The United Nations Office of Outer Space Affairs has announced that it will launch its first-ever space mission with Sierra Nevada Corporation.
SpaceX and NASA can’t have all the fun; the United Nations has confirmed that – in partnership with Sierra Nevada Corporation – it will launch its first-ever space mission.
Announced today at the International Astronautical Congress in Guadalajara, the mission is designed to provide developing nations the opportunity to develop and fly microgravity payloads in orbit. However, all member states will be afforded the ability to propose payloads for the mission.
The flight is intended to launch in 2021, where it will enable member states to participate in the 14-day flight which will charter a course in low-Earth orbit on board Sierra Nevada Corporation’s Dream Chaser spacecraft.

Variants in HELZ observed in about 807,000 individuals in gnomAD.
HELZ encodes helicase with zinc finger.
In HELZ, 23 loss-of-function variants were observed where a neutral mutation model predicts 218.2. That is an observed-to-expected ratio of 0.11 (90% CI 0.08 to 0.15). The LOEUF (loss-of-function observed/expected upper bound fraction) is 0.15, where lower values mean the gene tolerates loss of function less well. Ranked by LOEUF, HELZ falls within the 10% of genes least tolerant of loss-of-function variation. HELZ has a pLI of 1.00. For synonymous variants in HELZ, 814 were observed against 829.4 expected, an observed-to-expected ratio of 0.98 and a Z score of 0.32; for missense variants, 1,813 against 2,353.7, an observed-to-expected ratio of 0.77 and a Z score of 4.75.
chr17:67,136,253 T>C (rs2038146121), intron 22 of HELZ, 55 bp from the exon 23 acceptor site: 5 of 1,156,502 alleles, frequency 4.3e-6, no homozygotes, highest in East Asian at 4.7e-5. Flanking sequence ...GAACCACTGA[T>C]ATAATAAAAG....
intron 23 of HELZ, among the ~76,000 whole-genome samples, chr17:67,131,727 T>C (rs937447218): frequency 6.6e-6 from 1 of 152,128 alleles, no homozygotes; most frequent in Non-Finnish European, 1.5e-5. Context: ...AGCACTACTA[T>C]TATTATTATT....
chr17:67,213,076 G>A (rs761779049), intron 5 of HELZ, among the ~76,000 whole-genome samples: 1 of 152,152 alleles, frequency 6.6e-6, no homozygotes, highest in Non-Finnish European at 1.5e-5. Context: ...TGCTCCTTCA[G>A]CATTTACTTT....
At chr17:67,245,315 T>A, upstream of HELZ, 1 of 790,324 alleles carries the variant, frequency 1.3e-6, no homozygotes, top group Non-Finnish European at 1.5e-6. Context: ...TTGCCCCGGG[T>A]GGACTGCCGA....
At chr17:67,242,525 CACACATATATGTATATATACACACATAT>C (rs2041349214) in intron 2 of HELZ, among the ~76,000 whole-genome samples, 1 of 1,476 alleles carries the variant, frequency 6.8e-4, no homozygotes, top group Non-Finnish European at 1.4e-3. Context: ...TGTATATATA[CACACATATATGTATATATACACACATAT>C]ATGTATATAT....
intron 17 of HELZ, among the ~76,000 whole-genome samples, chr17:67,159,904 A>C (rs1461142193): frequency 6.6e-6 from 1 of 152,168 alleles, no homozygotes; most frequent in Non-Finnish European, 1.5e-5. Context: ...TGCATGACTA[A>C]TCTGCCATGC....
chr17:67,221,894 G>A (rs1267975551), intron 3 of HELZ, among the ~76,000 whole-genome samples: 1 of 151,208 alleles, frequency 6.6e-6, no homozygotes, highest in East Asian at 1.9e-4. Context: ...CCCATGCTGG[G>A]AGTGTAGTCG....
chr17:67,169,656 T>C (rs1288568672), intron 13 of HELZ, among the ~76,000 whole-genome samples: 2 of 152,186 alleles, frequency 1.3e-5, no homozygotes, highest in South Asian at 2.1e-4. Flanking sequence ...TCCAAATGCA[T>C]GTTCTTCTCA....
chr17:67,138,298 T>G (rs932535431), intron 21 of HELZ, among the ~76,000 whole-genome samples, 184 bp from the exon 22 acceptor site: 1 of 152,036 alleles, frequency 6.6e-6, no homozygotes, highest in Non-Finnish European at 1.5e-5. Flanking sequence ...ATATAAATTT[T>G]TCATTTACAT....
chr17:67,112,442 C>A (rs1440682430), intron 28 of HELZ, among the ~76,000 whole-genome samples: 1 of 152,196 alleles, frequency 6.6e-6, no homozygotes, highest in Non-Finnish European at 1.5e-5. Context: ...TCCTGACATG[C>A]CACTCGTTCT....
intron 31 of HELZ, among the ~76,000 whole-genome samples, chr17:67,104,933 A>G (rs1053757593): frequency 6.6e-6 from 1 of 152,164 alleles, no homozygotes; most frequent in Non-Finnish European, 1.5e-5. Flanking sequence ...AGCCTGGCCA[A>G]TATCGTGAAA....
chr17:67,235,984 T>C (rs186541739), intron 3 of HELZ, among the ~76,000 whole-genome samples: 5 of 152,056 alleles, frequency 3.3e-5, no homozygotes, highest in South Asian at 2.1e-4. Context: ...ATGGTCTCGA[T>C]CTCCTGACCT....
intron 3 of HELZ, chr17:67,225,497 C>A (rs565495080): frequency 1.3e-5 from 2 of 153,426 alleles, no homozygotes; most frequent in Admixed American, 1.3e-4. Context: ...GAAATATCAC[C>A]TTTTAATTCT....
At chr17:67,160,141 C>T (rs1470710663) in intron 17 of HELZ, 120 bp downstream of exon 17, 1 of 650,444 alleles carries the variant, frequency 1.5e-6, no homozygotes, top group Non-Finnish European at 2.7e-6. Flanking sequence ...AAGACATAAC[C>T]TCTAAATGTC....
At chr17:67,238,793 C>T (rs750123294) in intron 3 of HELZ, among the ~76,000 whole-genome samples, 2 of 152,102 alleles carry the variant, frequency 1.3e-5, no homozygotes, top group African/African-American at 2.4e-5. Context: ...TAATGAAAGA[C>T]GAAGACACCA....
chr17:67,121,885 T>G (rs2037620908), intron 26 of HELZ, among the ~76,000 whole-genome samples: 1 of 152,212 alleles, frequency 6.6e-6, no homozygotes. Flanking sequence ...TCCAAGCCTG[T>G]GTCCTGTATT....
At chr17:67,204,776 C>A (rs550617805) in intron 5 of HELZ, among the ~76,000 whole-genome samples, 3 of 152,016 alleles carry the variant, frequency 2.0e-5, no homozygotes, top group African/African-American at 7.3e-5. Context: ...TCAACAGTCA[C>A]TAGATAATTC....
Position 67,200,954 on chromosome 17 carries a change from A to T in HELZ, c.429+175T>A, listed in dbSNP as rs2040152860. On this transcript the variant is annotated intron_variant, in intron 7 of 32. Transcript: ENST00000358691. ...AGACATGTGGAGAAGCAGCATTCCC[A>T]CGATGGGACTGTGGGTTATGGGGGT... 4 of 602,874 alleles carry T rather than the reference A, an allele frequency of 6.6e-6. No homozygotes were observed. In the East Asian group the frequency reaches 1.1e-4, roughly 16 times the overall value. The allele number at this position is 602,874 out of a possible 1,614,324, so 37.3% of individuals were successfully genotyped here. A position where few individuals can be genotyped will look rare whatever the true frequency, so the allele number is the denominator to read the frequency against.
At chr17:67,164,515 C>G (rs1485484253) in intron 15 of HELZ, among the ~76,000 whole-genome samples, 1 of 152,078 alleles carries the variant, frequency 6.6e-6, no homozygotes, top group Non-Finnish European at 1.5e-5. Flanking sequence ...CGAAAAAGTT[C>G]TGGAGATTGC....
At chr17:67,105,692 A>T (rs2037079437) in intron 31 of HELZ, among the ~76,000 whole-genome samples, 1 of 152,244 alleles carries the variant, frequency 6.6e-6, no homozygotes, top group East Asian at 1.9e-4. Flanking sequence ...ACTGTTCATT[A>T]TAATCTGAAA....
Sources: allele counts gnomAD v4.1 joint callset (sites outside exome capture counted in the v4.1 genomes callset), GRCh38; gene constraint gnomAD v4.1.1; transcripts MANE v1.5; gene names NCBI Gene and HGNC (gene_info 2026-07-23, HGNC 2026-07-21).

The Dream Chaser craft – which itself is a reusable, lifting-body, multi-purpose vehicle – will be able to land at any licensed member state while facilitating the mission, and Sierra Nevada Corporation has announced that it is presently working with airports and spaceports to be granted a Federal Aviation Administration license for commercial missions.
Proposals for what payloads should be brought aboard the craft will be solicited and finally selected in 2018 in time for the 2021 launch. The United States Office of Outer Space Affairs (UNOOSA) will offer technical support to make the programme accessible to developing nations.
While major sponsors will be sought to cover most of the costs involved, nations chosen to provide a payload will have to pay a portion of the mission’s total expense.
What are your thoughts? Are you excited to see the United Nations launch its first space mission? Which states do you think should be chosen to provide a payload? Be sure to let us know your thoughts in the comments below!